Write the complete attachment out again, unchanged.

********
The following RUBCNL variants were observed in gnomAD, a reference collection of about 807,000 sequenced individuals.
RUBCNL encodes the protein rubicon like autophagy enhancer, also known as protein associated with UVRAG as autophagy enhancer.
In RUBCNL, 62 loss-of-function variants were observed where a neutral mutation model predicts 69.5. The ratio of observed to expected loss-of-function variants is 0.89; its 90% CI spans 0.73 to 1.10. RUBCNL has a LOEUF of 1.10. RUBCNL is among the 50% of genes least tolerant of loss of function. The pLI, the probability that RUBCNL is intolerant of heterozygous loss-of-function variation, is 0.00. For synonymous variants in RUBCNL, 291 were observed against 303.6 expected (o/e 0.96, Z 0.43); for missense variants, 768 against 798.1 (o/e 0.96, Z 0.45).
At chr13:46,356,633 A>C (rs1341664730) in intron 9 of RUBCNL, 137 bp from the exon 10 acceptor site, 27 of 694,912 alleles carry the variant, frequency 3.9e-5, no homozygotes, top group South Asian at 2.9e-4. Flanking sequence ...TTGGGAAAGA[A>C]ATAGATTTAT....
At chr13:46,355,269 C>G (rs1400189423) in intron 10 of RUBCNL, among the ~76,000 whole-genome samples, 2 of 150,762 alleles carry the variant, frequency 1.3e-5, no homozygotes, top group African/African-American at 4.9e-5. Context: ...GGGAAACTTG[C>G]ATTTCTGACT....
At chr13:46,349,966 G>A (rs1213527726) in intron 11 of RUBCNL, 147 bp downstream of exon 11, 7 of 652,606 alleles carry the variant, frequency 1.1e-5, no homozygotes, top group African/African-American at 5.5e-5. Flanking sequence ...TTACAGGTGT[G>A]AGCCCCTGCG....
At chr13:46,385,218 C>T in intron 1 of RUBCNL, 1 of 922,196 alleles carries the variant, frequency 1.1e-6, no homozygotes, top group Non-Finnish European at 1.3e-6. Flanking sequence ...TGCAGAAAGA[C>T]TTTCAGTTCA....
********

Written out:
The following RUBCNL variants were observed in gnomAD, a reference collection of about 807,000 sequenced individuals.
RUBCNL encodes the protein rubicon like autophagy enhancer, also known as protein associated with UVRAG as autophagy enhancer.
In RUBCNL, 62 loss-of-function variants were observed where a neutral mutation model predicts 69.5. The ratio of observed to expected loss-of-function variants is 0.89; its 90% CI spans 0.73 to 1.10. RUBCNL has a LOEUF of 1.10. RUBCNL is among the 50% of genes least tolerant of loss of function. The pLI, the probability that RUBCNL is intolerant of heterozygous loss-of-function variation, is 0.00. For synonymous variants in RUBCNL, 291 were observed against 303.6 expected (o/e 0.96, Z 0.43); for missense variants, 768 against 798.1 (o/e 0.96, Z 0.45).
At chr13:46,356,633 A>C (rs1341664730) in intron 9 of RUBCNL, 137 bp from the exon 10 acceptor site, 27 of 694,912 alleles carry the variant, frequency 3.9e-5, no homozygotes, top group South Asian at 2.9e-4. Flanking sequence ...TTGGGAAAGA[A>C]ATAGATTTAT....
At chr13:46,355,269 C>G (rs1400189423) in intron 10 of RUBCNL, among the ~76,000 whole-genome samples, 2 of 150,762 alleles carry the variant, frequency 1.3e-5, no homozygotes, top group African/African-American at 4.9e-5. Context: ...GGGAAACTTG[C>G]ATTTCTGACT....
At chr13:46,349,966 G>A (rs1213527726) in intron 11 of RUBCNL, 147 bp downstream of exon 11, 7 of 652,606 alleles carry the variant, frequency 1.1e-5, no homozygotes, top group African/African-American at 5.5e-5. Flanking sequence ...TTACAGGTGT[G>A]AGCCCCTGCG....
At chr13:46,385,218 C>T in intron 1 of RUBCNL, 1 of 922,196 alleles carries the variant, frequency 1.1e-6, no homozygotes, top group Non-Finnish European at 1.3e-6. Flanking sequence ...TGCAGAAAGA[C>T]TTTCAGTTCA....